Difference Between Body Lift and Suspension Lift

by Russell Wood

When building a custom truck, jeep or SUV, what's the best way to lift it? There are two different types of lifts that can be performed on a traditional body-on-frame SUV or truck: a suspension lift or a body lift. Consider the differences between lifts so you can make an informed decision.

Benefits

A body lift is simple and cheap to install. Rubber spacers go between the body and frame mounts and lift the body of the vehicle above stock. A body lift is also an affordable way to lift a truck, as most kits start around $100. A suspension lift will give a vehicle more travel and be better suited to off-road maneuvers. It also allows for the use of larger wheel and tire combos, depending on the amount of lift.

Size

A body lift bushing will generally lift the cab or bed of a vehicle from 2 to 3 inches. A suspension lift can raise a vehicle anywhere from 1 to 12 inches and above, depending on how much modification is done.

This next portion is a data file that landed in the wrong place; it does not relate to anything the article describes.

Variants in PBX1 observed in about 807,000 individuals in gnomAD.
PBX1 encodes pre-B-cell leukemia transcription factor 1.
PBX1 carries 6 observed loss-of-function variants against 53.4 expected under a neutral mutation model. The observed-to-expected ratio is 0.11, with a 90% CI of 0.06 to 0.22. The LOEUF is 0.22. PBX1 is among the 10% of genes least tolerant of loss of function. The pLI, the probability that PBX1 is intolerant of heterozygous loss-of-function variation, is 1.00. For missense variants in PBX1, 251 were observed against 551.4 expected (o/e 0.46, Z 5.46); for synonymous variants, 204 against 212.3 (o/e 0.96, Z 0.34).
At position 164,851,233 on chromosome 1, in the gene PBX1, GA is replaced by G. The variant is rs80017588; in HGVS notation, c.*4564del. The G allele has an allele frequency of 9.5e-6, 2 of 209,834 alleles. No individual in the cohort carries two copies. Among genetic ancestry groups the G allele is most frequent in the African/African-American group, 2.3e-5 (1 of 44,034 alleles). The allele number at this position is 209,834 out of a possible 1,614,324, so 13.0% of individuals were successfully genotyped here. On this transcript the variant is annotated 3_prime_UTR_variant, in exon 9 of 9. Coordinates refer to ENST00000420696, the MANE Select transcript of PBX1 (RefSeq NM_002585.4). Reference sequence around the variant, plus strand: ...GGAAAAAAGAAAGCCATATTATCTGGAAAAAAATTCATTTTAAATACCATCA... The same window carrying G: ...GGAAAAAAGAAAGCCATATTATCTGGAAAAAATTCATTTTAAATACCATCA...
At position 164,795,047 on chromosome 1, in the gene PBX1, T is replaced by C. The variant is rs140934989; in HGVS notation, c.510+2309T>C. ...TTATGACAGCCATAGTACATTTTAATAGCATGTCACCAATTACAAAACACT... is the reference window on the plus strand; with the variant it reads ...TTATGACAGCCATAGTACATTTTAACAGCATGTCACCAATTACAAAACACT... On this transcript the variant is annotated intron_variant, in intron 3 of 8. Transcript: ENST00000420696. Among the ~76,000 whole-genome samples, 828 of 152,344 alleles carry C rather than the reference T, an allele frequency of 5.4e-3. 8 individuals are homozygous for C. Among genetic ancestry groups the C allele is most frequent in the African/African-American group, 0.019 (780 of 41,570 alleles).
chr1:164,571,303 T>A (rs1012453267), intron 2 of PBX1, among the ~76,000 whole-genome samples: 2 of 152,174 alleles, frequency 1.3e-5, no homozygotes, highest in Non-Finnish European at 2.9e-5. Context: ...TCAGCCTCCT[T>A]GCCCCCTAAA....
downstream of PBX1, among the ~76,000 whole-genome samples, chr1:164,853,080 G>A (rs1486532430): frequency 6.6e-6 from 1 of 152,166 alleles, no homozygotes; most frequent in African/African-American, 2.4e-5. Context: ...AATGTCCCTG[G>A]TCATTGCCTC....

Function

A body lift will lift the cab and bed of a typical truck, jeep or SUV without modifying the suspension in any way, so your vehicle will look higher, but ride and function exactly the same way. A suspension lift will raise the suspension, so ride quality will change, but this can be tunable depending on which brand of suspension you choose and what kind of shocks and springs are used. A vehicle with a suspension lift will also handle differently than the stock truck or SUV.

Time Frame

A typical body-lift install can be done by the do-it-yourself mechanic in a few hours with minimal tools required. A suspension lift, however, can either be a bolt-on affair, or require full fabrication tools and expertise. If you're not confident in your ability to perform basic mechanical operations, there are lots of shops out there that do lifts of all types.

Considerations

With any kind of vehicle lift, it's important to keep in mind the vehicle's center of gravity. With any kind of lift, the center of gravity of a vehicle will be higher than stock, making the vehicle more prone to tipping. Proper suspension decisions and wider tires can help, but it's still a possibility to roll a lifted vehicle. Of course, the higher the vehicle, the more prone it is to tip.

About the Author

Russell Wood is a writer and photographer who attended Arizona State University. He has been building custom cars and trucks since 1994, including several cover vehicles. In 2000 Wood started a career as a writer, and since then he has dedicated his business to writing and photographing cars and trucks, as well as helping people learn more about how vehicles work.